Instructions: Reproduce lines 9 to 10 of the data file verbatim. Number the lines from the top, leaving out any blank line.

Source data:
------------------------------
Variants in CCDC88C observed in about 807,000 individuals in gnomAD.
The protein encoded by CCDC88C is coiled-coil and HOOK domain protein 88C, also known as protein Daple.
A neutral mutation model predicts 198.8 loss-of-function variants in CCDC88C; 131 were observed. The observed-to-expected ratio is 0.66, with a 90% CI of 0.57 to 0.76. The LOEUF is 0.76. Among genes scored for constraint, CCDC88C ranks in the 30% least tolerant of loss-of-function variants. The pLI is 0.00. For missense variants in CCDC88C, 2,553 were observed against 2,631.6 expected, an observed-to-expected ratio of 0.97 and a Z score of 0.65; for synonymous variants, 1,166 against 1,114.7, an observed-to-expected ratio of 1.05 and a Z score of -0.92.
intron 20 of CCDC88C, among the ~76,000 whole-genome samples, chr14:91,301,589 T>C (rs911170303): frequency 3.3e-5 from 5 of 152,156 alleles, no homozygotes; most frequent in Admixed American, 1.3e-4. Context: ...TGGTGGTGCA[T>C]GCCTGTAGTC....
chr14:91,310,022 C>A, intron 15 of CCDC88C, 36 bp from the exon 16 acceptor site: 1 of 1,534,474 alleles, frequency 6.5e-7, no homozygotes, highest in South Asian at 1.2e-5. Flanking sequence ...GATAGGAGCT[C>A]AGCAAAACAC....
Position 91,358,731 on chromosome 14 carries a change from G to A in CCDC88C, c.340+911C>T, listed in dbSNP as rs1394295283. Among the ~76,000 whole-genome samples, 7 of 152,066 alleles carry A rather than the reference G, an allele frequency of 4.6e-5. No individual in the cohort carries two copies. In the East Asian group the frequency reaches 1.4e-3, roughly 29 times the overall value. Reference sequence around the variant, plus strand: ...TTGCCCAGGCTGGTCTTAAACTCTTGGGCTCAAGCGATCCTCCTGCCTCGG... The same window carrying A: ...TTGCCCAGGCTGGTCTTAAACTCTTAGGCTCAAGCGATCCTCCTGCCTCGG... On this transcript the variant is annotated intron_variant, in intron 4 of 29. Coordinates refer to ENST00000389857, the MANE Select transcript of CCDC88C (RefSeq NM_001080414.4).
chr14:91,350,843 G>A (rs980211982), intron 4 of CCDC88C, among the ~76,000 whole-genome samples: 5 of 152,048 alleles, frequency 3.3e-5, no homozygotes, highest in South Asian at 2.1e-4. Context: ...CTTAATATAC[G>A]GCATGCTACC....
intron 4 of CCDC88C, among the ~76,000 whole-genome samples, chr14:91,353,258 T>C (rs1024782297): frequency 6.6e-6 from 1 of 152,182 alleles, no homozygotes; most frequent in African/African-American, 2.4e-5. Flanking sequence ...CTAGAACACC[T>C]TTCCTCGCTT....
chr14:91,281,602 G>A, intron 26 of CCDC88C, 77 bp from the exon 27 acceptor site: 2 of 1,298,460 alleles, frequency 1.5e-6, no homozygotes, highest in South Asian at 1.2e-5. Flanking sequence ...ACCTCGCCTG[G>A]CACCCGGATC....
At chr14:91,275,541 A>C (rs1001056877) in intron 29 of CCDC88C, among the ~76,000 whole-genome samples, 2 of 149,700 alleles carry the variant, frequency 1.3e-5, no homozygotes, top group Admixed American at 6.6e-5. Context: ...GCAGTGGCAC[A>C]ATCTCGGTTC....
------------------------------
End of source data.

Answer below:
chr14:91,281,602 G>A, intron 26 of CCDC88C, 77 bp from the exon 27 acceptor site: 2 of 1,298,460 alleles, frequency 1.5e-6, no homozygotes, highest in South Asian at 1.2e-5. Flanking sequence ...ACCTCGCCTG[G>A]CACCCGGATC....
At chr14:91,275,541 A>C (rs1001056877) in intron 29 of CCDC88C, among the ~76,000 whole-genome samples, 2 of 149,700 alleles carry the variant, frequency 1.3e-5, no homozygotes, top group Admixed American at 6.6e-5. Context: ...GCAGTGGCAC[A>C]ATCTCGGTTC....